CWs: pedophilia/child sexual abuse (not explicit), descriptions of blood and wounds, some body horror

Jessica Love – Julián Is a Mermaid

I didn’t review this, but it was a beautiful picture book.

Maia Kobabe – Gender Queer

This was exactly what I needed today, and I’m so grateful it exists. I picked it up because of a bout of intense self doubt brought on by transphobia, and it was so relatable, affirming and validating. It helped me understand myself more than I was able to before. I especially loved how accurately this grasped the intersection between being asexual and being genderqueer, both identities I share. It left me extremely emotional and I’m going to make my family read it too, so they can hopefully understand me better as well.

Rep: bi aspec genderqueer MC, several queer and non-binary side characters

CWs: gynaecological exam, blood, sex, mention of cancer

Kacen Callender – Hurricane Child

I didn’t write a review for this, but it was a beautiful book.

Katie O’Neill – The Tea Dragon Tapestry

“Everything that happens is part of your wholeness. The sadness, the loss, the hurt, as well as the joy, the love, the friendship — it is all part of your tapestry.”

I’ve had to do a lot of self care this week, so getting approved for one of my most anticipated graphic novels of the year was absolutely perfect timing. These graphic novels are beyond comforting; they feel like such a safe space, and the art is so stunning and adorable and soothing. You know the feeling of lowering yourself into a warm bath and feeling all your muscles relax? That’s honestly how it feels to read Katie O’Neill’s books.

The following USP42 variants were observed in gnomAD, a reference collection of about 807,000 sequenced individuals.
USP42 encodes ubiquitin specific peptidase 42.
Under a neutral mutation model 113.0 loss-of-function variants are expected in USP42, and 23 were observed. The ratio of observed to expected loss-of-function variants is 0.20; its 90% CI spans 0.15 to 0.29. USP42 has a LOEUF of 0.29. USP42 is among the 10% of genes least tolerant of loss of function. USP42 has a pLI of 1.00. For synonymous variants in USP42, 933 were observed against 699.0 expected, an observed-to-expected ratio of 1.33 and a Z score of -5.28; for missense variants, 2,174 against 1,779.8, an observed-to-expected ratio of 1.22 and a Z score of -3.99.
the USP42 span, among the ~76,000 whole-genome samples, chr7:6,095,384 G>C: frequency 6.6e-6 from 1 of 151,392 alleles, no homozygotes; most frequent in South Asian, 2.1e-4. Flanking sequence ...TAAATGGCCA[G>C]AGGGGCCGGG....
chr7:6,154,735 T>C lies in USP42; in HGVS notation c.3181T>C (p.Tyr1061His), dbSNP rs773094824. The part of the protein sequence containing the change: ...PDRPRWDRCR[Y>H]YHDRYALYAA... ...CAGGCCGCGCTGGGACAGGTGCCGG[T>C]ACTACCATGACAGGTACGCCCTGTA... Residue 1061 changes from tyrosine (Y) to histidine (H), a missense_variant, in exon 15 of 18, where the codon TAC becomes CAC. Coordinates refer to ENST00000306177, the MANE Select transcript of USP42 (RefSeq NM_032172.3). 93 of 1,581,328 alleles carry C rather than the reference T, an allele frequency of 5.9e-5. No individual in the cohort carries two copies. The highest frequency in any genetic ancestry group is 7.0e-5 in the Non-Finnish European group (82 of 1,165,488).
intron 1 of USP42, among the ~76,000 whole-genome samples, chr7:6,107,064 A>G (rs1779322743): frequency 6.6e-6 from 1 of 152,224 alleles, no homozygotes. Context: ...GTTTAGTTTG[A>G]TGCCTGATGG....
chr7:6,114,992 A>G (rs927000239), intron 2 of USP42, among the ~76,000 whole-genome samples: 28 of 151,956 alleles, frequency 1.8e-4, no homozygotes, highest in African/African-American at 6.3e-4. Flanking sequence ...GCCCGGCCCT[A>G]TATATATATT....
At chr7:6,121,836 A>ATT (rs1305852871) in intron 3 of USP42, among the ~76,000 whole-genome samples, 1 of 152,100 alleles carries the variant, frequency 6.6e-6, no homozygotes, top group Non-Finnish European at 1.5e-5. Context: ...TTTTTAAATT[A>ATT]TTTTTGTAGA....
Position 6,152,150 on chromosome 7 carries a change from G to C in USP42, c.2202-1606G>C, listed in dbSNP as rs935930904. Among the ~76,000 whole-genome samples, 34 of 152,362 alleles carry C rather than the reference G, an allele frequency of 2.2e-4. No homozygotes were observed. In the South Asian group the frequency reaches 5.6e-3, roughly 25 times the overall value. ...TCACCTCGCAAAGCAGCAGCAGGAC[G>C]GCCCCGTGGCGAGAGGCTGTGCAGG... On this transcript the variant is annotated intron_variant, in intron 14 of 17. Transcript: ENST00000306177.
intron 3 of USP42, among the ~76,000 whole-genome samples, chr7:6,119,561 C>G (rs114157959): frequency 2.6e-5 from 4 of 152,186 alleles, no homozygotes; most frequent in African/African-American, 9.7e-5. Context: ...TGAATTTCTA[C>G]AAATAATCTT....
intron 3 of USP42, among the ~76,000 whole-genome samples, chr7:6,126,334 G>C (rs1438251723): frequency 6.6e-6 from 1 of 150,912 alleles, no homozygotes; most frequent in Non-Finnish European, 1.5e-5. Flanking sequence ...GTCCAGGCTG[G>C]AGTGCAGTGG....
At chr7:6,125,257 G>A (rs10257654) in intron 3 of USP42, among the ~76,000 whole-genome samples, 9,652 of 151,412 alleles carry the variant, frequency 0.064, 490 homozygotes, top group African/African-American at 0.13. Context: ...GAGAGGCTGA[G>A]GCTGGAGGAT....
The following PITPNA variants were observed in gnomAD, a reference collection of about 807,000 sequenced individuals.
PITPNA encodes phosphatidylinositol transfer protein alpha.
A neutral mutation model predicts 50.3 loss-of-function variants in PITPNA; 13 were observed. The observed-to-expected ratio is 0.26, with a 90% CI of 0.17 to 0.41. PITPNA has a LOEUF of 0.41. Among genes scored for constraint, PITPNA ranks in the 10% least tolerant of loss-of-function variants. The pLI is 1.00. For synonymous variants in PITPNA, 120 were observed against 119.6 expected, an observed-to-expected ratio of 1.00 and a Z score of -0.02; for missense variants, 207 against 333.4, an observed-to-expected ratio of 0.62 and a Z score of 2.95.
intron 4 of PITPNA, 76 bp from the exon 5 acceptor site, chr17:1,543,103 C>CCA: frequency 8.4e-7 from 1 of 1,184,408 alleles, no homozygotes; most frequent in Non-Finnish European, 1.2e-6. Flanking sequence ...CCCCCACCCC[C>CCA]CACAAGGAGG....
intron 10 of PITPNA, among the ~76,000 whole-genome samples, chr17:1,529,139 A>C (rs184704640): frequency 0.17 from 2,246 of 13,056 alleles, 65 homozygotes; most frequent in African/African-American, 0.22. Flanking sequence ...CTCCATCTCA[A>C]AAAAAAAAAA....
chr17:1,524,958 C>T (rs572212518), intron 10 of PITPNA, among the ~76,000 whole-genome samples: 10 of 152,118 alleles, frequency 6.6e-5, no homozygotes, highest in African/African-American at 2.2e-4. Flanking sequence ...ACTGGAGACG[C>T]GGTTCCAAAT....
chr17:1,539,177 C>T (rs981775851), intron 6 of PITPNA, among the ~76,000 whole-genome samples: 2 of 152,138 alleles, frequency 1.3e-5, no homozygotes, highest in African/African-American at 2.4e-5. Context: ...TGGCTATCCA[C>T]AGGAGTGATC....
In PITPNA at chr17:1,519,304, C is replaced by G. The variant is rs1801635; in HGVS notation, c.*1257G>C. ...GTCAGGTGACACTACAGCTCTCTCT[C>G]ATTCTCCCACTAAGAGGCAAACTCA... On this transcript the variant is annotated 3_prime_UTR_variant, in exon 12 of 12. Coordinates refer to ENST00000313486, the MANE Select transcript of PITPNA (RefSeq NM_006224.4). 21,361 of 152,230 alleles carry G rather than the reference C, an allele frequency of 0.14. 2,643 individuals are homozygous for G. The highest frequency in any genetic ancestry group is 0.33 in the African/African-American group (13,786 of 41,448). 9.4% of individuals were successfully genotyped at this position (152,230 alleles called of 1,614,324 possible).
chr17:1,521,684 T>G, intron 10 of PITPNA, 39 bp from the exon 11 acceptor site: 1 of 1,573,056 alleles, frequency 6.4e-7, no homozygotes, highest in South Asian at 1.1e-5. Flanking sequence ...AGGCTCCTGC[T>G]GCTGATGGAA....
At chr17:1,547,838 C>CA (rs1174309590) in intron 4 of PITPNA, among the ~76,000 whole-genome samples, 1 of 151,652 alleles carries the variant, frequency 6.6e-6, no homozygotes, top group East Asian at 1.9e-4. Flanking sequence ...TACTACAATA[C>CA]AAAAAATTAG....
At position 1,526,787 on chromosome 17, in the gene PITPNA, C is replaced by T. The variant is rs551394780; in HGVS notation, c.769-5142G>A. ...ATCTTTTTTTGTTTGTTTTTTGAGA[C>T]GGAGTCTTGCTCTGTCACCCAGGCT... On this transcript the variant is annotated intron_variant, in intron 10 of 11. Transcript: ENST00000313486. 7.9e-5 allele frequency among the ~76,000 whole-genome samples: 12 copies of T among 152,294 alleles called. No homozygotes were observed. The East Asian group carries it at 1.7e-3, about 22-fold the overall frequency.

It was just wonderful meeting all of these characters again. Greta is trying to become a blacksmith apprentice, Minette is trying to come to terms with her past and figuring out what her future will bring. And Hesekiel and Erik have me soft as always. This was a truly beautiful ending to this series.

P.S.: I need a chamomile tea dragon in my life so badly. Have you seen the plushies in Oni Press’s webshop? They’re to die for!!

Xan West – Eight Kinky Nights

My full review will be up soon!

George M. Johnson – All Boys Aren’t Blue

I received an audio listening copy from Libro.fm in exchange for my honest review.